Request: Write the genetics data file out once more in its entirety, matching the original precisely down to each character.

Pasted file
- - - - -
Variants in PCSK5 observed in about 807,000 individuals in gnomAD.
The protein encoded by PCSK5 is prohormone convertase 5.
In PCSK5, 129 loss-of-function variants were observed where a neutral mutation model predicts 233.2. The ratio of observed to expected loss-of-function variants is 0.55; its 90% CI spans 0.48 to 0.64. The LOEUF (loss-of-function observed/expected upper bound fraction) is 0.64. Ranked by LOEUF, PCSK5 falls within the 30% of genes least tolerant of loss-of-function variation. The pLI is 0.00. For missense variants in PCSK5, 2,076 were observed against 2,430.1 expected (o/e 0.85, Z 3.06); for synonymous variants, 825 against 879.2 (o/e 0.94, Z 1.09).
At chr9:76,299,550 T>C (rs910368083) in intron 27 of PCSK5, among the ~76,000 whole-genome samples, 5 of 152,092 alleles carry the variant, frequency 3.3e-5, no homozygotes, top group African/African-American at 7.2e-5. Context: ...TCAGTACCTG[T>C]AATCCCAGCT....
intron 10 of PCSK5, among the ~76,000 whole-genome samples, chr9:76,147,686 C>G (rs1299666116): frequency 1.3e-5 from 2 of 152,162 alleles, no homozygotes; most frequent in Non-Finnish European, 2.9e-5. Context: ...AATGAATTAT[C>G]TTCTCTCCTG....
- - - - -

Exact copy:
Variants in PCSK5 observed in about 807,000 individuals in gnomAD.
The protein encoded by PCSK5 is prohormone convertase 5.
In PCSK5, 129 loss-of-function variants were observed where a neutral mutation model predicts 233.2. The ratio of observed to expected loss-of-function variants is 0.55; its 90% CI spans 0.48 to 0.64. The LOEUF (loss-of-function observed/expected upper bound fraction) is 0.64. Ranked by LOEUF, PCSK5 falls within the 30% of genes least tolerant of loss-of-function variation. The pLI is 0.00. For missense variants in PCSK5, 2,076 were observed against 2,430.1 expected (o/e 0.85, Z 3.06); for synonymous variants, 825 against 879.2 (o/e 0.94, Z 1.09).
At chr9:76,299,550 T>C (rs910368083) in intron 27 of PCSK5, among the ~76,000 whole-genome samples, 5 of 152,092 alleles carry the variant, frequency 3.3e-5, no homozygotes, top group African/African-American at 7.2e-5. Context: ...TCAGTACCTG[T>C]AATCCCAGCT....
intron 10 of PCSK5, among the ~76,000 whole-genome samples, chr9:76,147,686 C>G (rs1299666116): frequency 1.3e-5 from 2 of 152,162 alleles, no homozygotes; most frequent in Non-Finnish European, 2.9e-5. Context: ...AATGAATTAT[C>G]TTCTCTCCTG....